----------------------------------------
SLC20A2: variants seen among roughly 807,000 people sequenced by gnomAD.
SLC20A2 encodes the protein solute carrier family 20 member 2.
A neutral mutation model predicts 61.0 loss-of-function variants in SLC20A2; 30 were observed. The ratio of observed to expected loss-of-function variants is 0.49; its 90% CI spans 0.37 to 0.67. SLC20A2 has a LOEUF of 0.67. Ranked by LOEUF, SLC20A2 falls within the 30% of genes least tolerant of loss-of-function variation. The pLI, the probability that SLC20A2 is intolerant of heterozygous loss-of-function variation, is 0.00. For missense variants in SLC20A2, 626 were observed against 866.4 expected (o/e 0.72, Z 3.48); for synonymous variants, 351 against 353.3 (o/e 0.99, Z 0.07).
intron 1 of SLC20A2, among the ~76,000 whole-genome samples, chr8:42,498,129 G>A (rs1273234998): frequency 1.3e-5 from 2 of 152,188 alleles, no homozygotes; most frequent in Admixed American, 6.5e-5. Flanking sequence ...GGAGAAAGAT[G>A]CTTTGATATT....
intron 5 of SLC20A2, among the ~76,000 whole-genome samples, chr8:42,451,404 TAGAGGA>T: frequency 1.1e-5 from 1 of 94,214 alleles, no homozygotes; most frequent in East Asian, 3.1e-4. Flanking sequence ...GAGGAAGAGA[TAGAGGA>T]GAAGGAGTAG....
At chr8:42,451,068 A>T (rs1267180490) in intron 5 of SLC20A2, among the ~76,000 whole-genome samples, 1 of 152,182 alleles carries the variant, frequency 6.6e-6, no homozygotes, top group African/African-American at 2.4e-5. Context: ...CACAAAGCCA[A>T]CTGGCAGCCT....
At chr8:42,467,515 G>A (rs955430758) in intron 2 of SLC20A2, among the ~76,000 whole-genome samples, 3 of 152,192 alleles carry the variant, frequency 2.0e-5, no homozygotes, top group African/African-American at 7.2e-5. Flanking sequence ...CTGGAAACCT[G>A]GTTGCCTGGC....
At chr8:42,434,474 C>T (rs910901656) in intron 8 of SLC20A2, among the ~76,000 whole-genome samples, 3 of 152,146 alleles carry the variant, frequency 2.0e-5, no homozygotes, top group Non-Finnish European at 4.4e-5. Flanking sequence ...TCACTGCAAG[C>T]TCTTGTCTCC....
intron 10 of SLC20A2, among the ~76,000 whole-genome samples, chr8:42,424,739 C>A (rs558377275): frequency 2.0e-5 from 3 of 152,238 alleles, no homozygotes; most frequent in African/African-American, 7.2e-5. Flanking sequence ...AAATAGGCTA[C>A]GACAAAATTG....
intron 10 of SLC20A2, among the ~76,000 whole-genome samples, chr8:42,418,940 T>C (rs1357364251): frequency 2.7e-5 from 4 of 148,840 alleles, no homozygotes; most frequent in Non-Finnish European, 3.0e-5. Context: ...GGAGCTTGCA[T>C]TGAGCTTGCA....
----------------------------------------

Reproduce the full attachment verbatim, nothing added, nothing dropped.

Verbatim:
SLC20A2: variants seen among roughly 807,000 people sequenced by gnomAD.
SLC20A2 encodes the protein solute carrier family 20 member 2.
A neutral mutation model predicts 61.0 loss-of-function variants in SLC20A2; 30 were observed. The ratio of observed to expected loss-of-function variants is 0.49; its 90% CI spans 0.37 to 0.67. SLC20A2 has a LOEUF of 0.67. Ranked by LOEUF, SLC20A2 falls within the 30% of genes least tolerant of loss-of-function variation. The pLI, the probability that SLC20A2 is intolerant of heterozygous loss-of-function variation, is 0.00. For missense variants in SLC20A2, 626 were observed against 866.4 expected (o/e 0.72, Z 3.48); for synonymous variants, 351 against 353.3 (o/e 0.99, Z 0.07).
intron 1 of SLC20A2, among the ~76,000 whole-genome samples, chr8:42,498,129 G>A (rs1273234998): frequency 1.3e-5 from 2 of 152,188 alleles, no homozygotes; most frequent in Admixed American, 6.5e-5. Flanking sequence ...GGAGAAAGAT[G>A]CTTTGATATT....
intron 5 of SLC20A2, among the ~76,000 whole-genome samples, chr8:42,451,404 TAGAGGA>T: frequency 1.1e-5 from 1 of 94,214 alleles, no homozygotes; most frequent in East Asian, 3.1e-4. Flanking sequence ...GAGGAAGAGA[TAGAGGA>T]GAAGGAGTAG....
At chr8:42,451,068 A>T (rs1267180490) in intron 5 of SLC20A2, among the ~76,000 whole-genome samples, 1 of 152,182 alleles carries the variant, frequency 6.6e-6, no homozygotes, top group African/African-American at 2.4e-5. Context: ...CACAAAGCCA[A>T]CTGGCAGCCT....
At chr8:42,467,515 G>A (rs955430758) in intron 2 of SLC20A2, among the ~76,000 whole-genome samples, 3 of 152,192 alleles carry the variant, frequency 2.0e-5, no homozygotes, top group African/African-American at 7.2e-5. Flanking sequence ...CTGGAAACCT[G>A]GTTGCCTGGC....
At chr8:42,434,474 C>T (rs910901656) in intron 8 of SLC20A2, among the ~76,000 whole-genome samples, 3 of 152,146 alleles carry the variant, frequency 2.0e-5, no homozygotes, top group Non-Finnish European at 4.4e-5. Flanking sequence ...TCACTGCAAG[C>T]TCTTGTCTCC....
intron 10 of SLC20A2, among the ~76,000 whole-genome samples, chr8:42,424,739 C>A (rs558377275): frequency 2.0e-5 from 3 of 152,238 alleles, no homozygotes; most frequent in African/African-American, 7.2e-5. Flanking sequence ...AAATAGGCTA[C>A]GACAAAATTG....
intron 10 of SLC20A2, among the ~76,000 whole-genome samples, chr8:42,418,940 T>C (rs1357364251): frequency 2.7e-5 from 4 of 148,840 alleles, no homozygotes; most frequent in Non-Finnish European, 3.0e-5. Context: ...GGAGCTTGCA[T>C]TGAGCTTGCA....